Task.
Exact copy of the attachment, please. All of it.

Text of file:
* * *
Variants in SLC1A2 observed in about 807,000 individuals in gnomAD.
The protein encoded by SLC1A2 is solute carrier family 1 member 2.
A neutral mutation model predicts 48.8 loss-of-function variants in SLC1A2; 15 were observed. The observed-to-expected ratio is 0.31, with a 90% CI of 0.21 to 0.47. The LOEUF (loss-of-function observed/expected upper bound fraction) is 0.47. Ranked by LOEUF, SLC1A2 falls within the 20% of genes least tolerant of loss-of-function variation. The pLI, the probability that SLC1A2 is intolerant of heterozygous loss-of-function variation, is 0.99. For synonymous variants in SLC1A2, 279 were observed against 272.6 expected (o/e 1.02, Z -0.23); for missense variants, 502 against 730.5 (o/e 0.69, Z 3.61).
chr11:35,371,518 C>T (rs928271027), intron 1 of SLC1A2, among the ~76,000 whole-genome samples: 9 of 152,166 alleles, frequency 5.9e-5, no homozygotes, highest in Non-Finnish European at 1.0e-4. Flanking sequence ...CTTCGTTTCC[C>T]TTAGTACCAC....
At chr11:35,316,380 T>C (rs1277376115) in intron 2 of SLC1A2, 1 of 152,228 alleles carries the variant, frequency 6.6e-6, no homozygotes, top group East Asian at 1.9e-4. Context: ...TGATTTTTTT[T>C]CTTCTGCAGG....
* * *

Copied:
Variants in SLC1A2 observed in about 807,000 individuals in gnomAD.
The protein encoded by SLC1A2 is solute carrier family 1 member 2.
A neutral mutation model predicts 48.8 loss-of-function variants in SLC1A2; 15 were observed. The observed-to-expected ratio is 0.31, with a 90% CI of 0.21 to 0.47. The LOEUF (loss-of-function observed/expected upper bound fraction) is 0.47. Ranked by LOEUF, SLC1A2 falls within the 20% of genes least tolerant of loss-of-function variation. The pLI, the probability that SLC1A2 is intolerant of heterozygous loss-of-function variation, is 0.99. For synonymous variants in SLC1A2, 279 were observed against 272.6 expected (o/e 1.02, Z -0.23); for missense variants, 502 against 730.5 (o/e 0.69, Z 3.61).
chr11:35,371,518 C>T (rs928271027), intron 1 of SLC1A2, among the ~76,000 whole-genome samples: 9 of 152,166 alleles, frequency 5.9e-5, no homozygotes, highest in Non-Finnish European at 1.0e-4. Flanking sequence ...CTTCGTTTCC[C>T]TTAGTACCAC....
At chr11:35,316,380 T>C (rs1277376115) in intron 2 of SLC1A2, 1 of 152,228 alleles carries the variant, frequency 6.6e-6, no homozygotes, top group East Asian at 1.9e-4. Context: ...TGATTTTTTT[T>C]CTTCTGCAGG....